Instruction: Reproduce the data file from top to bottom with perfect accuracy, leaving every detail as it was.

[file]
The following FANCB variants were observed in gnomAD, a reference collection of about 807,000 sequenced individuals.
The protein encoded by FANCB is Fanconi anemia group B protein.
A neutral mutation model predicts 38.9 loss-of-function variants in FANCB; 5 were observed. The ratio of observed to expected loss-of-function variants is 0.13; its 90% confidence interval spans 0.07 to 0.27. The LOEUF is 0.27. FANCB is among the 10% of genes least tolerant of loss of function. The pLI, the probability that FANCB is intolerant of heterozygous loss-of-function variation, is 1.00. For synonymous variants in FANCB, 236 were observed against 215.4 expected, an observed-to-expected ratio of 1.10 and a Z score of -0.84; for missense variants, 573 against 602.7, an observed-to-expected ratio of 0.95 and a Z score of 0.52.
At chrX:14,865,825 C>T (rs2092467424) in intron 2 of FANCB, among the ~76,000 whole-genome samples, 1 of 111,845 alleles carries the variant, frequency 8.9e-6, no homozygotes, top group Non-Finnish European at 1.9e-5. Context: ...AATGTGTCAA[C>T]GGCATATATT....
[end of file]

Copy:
The following FANCB variants were observed in gnomAD, a reference collection of about 807,000 sequenced individuals.
The protein encoded by FANCB is Fanconi anemia group B protein.
A neutral mutation model predicts 38.9 loss-of-function variants in FANCB; 5 were observed. The ratio of observed to expected loss-of-function variants is 0.13; its 90% confidence interval spans 0.07 to 0.27. The LOEUF is 0.27. FANCB is among the 10% of genes least tolerant of loss of function. The pLI, the probability that FANCB is intolerant of heterozygous loss-of-function variation, is 1.00. For synonymous variants in FANCB, 236 were observed against 215.4 expected, an observed-to-expected ratio of 1.10 and a Z score of -0.84; for missense variants, 573 against 602.7, an observed-to-expected ratio of 0.95 and a Z score of 0.52.
At chrX:14,865,825 C>T (rs2092467424) in intron 2 of FANCB, among the ~76,000 whole-genome samples, 1 of 111,845 alleles carries the variant, frequency 8.9e-6, no homozygotes, top group Non-Finnish European at 1.9e-5. Context: ...AATGTGTCAA[C>T]GGCATATATT....